Figure 3: Coronal (a) and axial (b) T2WI MRI shows endometrial mass (white arrow) invading the myometrium.

Based on morphology and spreading, the tumor is classified as an endometrial stromal nodulus.

4. Discussion

Hysterectomy is the gold standard in cases with ESN and low-grade endometrial stromal tumors, considering their theoretic ability to infiltrate and become malignant [3]. Until now, no immunohistochemical biomarker has proven to be able to distinguish benign nodules from potential malignant sarcomas prior to hysterectomy.

A small study from 2005 showed a higher frequency of MIB-1 and a lower estrogen/progesterone receptor expression in endometrial stromal sarcomas than in endometrial stromal nodules [9], suggesting that these biomarkers will be able theoretically to distinguish between the types and thereby allow a more conservative treatment when diagnosed with a benign type.

Previously, Schilder et al. [10] published a case report with successful hormonal therapy of an endometrial stromal nodule, allowing conservative management in a young nulliparous woman, obviously with the aim to preserve reproductive function. A few case reports have shown promising results, using fertility preserving treatments such as local excision, endocrine therapy, and photodynamic therapy in young women with low-grade endometrial stromal sarcomas [11, 12]. However, the shortage of randomized controlled trials limits the clinical implementation. Further studies are clearly needed to draw conclusions.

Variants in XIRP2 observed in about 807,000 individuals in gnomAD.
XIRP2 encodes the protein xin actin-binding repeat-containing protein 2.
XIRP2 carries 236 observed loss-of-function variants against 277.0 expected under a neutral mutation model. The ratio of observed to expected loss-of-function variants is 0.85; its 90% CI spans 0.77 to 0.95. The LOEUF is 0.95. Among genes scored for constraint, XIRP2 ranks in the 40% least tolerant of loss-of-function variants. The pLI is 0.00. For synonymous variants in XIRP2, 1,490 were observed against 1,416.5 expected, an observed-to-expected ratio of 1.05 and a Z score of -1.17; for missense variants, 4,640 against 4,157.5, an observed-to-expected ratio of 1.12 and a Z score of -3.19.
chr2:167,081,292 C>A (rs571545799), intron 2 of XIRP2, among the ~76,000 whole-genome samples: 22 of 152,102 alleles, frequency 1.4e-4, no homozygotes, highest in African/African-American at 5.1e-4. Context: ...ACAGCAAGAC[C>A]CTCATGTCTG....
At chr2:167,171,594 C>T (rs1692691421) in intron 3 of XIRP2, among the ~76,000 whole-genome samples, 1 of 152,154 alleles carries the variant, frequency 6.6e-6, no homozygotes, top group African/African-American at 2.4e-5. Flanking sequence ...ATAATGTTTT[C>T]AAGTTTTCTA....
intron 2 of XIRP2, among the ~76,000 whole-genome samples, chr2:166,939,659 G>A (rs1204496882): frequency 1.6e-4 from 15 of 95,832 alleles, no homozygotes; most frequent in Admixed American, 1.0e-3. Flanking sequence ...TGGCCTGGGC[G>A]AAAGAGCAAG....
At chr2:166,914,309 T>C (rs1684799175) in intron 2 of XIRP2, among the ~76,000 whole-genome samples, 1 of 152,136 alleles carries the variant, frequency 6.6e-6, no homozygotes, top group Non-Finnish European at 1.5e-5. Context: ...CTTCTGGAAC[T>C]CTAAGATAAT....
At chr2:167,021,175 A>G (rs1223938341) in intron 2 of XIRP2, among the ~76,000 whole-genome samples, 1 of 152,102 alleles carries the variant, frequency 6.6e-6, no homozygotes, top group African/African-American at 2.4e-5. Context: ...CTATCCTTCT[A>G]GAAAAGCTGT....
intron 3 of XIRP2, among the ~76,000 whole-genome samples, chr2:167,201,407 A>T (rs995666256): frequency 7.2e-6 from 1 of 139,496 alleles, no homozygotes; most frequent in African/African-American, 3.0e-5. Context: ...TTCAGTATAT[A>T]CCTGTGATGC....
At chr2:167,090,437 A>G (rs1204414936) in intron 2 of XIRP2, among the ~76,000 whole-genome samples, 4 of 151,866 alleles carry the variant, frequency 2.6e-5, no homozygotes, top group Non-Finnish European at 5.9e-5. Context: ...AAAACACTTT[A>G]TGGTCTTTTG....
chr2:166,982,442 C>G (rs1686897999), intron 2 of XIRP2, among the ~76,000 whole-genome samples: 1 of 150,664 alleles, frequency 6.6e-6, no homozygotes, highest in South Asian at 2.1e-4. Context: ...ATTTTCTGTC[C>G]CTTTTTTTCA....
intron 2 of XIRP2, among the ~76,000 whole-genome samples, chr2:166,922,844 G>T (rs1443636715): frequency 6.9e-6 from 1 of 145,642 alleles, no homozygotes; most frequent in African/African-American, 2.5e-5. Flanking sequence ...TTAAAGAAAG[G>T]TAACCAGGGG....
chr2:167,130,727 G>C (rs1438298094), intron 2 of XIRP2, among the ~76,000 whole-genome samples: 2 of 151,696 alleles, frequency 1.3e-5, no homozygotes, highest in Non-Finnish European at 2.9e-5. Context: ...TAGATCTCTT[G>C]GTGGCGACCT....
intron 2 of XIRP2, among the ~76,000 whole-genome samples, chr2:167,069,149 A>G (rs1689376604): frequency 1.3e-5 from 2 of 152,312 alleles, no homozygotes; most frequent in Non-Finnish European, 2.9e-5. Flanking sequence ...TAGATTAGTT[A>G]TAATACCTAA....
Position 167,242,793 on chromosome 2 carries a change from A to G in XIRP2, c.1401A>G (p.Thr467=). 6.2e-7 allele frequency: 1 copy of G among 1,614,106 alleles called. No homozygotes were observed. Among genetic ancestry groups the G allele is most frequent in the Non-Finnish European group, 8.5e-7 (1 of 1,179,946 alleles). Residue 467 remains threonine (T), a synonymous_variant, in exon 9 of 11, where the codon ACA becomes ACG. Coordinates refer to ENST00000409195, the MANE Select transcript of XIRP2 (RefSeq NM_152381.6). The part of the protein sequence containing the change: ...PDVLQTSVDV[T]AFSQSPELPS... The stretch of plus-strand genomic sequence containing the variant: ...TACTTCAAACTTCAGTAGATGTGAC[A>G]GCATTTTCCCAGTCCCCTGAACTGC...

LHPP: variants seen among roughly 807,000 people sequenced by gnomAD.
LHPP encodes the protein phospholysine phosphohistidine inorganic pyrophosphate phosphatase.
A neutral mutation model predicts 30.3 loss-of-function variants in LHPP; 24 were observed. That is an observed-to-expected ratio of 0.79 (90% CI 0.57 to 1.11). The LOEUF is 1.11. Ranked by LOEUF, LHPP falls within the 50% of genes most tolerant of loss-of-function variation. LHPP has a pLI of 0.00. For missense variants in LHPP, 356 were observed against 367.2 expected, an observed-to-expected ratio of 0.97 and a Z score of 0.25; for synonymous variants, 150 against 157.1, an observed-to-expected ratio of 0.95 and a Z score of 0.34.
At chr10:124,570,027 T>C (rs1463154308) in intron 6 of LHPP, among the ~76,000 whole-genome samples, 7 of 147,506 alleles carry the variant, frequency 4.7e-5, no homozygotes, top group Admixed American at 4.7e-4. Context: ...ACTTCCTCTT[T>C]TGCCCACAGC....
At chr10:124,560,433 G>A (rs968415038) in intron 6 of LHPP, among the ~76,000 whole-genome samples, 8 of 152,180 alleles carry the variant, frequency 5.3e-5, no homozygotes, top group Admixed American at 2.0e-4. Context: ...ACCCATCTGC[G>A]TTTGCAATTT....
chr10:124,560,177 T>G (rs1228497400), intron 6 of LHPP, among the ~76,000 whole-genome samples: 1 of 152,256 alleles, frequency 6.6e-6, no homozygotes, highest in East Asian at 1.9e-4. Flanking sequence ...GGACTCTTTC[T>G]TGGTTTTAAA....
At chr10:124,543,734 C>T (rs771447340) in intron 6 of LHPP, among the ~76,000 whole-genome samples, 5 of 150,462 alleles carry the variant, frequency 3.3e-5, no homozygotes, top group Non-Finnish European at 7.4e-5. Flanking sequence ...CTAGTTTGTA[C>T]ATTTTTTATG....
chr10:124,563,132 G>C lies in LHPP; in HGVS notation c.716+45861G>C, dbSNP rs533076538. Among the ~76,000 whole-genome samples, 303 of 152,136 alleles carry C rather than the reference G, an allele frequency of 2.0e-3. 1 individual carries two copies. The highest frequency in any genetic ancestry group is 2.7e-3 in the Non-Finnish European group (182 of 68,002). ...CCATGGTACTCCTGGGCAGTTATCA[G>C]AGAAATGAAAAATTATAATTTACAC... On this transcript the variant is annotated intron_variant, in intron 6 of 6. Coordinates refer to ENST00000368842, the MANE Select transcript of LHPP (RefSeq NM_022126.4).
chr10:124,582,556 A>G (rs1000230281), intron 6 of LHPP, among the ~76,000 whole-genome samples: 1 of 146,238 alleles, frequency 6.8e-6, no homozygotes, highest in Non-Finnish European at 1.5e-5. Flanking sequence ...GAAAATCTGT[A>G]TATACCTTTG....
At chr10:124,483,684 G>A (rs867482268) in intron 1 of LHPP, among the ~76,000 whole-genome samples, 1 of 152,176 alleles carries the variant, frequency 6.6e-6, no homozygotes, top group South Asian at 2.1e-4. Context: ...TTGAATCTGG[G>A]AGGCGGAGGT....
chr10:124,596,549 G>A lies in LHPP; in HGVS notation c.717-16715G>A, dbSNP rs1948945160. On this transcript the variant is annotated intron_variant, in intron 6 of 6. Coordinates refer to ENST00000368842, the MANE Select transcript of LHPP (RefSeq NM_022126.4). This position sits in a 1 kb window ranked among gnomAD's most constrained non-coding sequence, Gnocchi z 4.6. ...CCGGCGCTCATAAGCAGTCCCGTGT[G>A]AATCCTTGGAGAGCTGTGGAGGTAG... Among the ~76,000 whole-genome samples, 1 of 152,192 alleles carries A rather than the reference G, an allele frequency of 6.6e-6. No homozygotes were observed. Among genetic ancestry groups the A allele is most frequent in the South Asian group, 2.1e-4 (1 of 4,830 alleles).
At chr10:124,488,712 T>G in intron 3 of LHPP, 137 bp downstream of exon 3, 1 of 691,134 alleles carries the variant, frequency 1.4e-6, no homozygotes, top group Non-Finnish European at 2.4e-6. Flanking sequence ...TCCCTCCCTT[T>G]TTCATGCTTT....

In the present case, the patient was advised to have a total hysterectomy performed, although she still hoped for an additional pregnancy. This advice was given based on the current diagnostic available tools and the lack of knowledge regarding long-term consequences of a conservative observational treatment.

5. Conclusion

Although rare, endometrial stromal tumors are clinically important due to difficulties establishing the histological diagnosis. No preoperative imaging can completely rule out malignancy. Despite ESNs being benign entities, hysterectomy is still the gold standard as a total histological examination of the uterus is necessary to exclude malignancy and no immunohistochemical biomarkers have been proven yet to be useful. Our molecular understanding of these tumors is still in progress and the identification of genetic alterations [13] has increased our ability to distinguish the endometrial stromal neoplasms. Unfortunately, these have not yielded significant improvement in our treatment approach to these tumors. How to manage these rare tumors and how to ensure patients benefits of today’s precision therapy requires more work, especially in young nulliparous women, for whom reproduction issues are still present. Unfortunately, the rarity of these tumors makes randomized controlled trials nearly impossible to perform. In our case, the patient had two children and the risk of a bad prognosis was higher than the wishes for an additional pregnancy.

Conflict of Interests

The authors declare that there is no conflict of interests regarding the publication of this paper.